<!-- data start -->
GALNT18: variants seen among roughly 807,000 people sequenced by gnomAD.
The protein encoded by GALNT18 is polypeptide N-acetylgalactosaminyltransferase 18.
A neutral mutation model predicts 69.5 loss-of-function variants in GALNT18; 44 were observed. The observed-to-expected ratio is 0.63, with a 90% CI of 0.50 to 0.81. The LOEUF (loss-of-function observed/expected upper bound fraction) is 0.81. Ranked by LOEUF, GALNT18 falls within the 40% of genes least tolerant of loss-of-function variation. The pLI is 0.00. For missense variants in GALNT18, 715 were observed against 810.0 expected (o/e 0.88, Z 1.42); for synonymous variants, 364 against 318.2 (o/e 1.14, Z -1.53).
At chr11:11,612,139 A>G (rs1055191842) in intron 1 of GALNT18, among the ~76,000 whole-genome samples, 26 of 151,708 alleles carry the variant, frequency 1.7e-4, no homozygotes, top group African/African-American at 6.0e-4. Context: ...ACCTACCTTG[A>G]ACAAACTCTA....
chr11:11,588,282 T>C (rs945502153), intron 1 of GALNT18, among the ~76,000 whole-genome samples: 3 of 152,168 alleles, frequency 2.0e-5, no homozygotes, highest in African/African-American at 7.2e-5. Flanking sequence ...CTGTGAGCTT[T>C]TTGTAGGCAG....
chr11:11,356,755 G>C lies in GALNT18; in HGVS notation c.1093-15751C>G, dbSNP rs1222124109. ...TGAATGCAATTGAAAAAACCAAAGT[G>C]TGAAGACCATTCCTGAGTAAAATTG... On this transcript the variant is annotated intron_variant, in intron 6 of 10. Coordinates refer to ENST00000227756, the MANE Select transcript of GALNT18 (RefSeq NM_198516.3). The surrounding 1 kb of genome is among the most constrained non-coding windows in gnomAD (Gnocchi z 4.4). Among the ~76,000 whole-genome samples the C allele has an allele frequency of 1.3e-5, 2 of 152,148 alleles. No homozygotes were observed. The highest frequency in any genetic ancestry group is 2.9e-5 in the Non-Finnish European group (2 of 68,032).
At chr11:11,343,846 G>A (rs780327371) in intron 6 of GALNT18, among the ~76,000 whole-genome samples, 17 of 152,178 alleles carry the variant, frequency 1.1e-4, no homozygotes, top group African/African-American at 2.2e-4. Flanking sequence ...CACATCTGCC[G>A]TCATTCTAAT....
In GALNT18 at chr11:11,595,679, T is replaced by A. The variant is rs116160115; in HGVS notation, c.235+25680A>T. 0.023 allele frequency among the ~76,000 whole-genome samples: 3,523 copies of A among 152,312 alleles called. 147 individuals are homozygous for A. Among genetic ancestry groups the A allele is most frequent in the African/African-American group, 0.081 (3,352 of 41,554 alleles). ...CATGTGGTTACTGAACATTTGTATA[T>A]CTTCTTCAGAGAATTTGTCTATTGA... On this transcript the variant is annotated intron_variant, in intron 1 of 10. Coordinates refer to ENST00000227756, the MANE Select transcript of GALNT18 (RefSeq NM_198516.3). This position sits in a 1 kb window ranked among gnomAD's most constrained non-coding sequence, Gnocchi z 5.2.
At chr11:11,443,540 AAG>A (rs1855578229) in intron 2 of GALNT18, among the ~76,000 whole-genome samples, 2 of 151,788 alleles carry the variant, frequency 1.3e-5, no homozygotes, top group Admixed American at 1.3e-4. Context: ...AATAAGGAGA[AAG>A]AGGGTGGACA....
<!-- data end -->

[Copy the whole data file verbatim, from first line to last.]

GALNT18: variants seen among roughly 807,000 people sequenced by gnomAD.
The protein encoded by GALNT18 is polypeptide N-acetylgalactosaminyltransferase 18.
A neutral mutation model predicts 69.5 loss-of-function variants in GALNT18; 44 were observed. The observed-to-expected ratio is 0.63, with a 90% CI of 0.50 to 0.81. The LOEUF (loss-of-function observed/expected upper bound fraction) is 0.81. Ranked by LOEUF, GALNT18 falls within the 40% of genes least tolerant of loss-of-function variation. The pLI is 0.00. For missense variants in GALNT18, 715 were observed against 810.0 expected (o/e 0.88, Z 1.42); for synonymous variants, 364 against 318.2 (o/e 1.14, Z -1.53).
At chr11:11,612,139 A>G (rs1055191842) in intron 1 of GALNT18, among the ~76,000 whole-genome samples, 26 of 151,708 alleles carry the variant, frequency 1.7e-4, no homozygotes, top group African/African-American at 6.0e-4. Context: ...ACCTACCTTG[A>G]ACAAACTCTA....
chr11:11,588,282 T>C (rs945502153), intron 1 of GALNT18, among the ~76,000 whole-genome samples: 3 of 152,168 alleles, frequency 2.0e-5, no homozygotes, highest in African/African-American at 7.2e-5. Flanking sequence ...CTGTGAGCTT[T>C]TTGTAGGCAG....
chr11:11,356,755 G>C lies in GALNT18; in HGVS notation c.1093-15751C>G, dbSNP rs1222124109. ...TGAATGCAATTGAAAAAACCAAAGT[G>C]TGAAGACCATTCCTGAGTAAAATTG... On this transcript the variant is annotated intron_variant, in intron 6 of 10. Coordinates refer to ENST00000227756, the MANE Select transcript of GALNT18 (RefSeq NM_198516.3). The surrounding 1 kb of genome is among the most constrained non-coding windows in gnomAD (Gnocchi z 4.4). Among the ~76,000 whole-genome samples the C allele has an allele frequency of 1.3e-5, 2 of 152,148 alleles. No homozygotes were observed. The highest frequency in any genetic ancestry group is 2.9e-5 in the Non-Finnish European group (2 of 68,032).
At chr11:11,343,846 G>A (rs780327371) in intron 6 of GALNT18, among the ~76,000 whole-genome samples, 17 of 152,178 alleles carry the variant, frequency 1.1e-4, no homozygotes, top group African/African-American at 2.2e-4. Flanking sequence ...CACATCTGCC[G>A]TCATTCTAAT....
In GALNT18 at chr11:11,595,679, T is replaced by A. The variant is rs116160115; in HGVS notation, c.235+25680A>T. 0.023 allele frequency among the ~76,000 whole-genome samples: 3,523 copies of A among 152,312 alleles called. 147 individuals are homozygous for A. Among genetic ancestry groups the A allele is most frequent in the African/African-American group, 0.081 (3,352 of 41,554 alleles). ...CATGTGGTTACTGAACATTTGTATA[T>A]CTTCTTCAGAGAATTTGTCTATTGA... On this transcript the variant is annotated intron_variant, in intron 1 of 10. Coordinates refer to ENST00000227756, the MANE Select transcript of GALNT18 (RefSeq NM_198516.3). This position sits in a 1 kb window ranked among gnomAD's most constrained non-coding sequence, Gnocchi z 5.2.
At chr11:11,443,540 AAG>A (rs1855578229) in intron 2 of GALNT18, among the ~76,000 whole-genome samples, 2 of 151,788 alleles carry the variant, frequency 1.3e-5, no homozygotes, top group Admixed American at 1.3e-4. Context: ...AATAAGGAGA[AAG>A]AGGGTGGACA....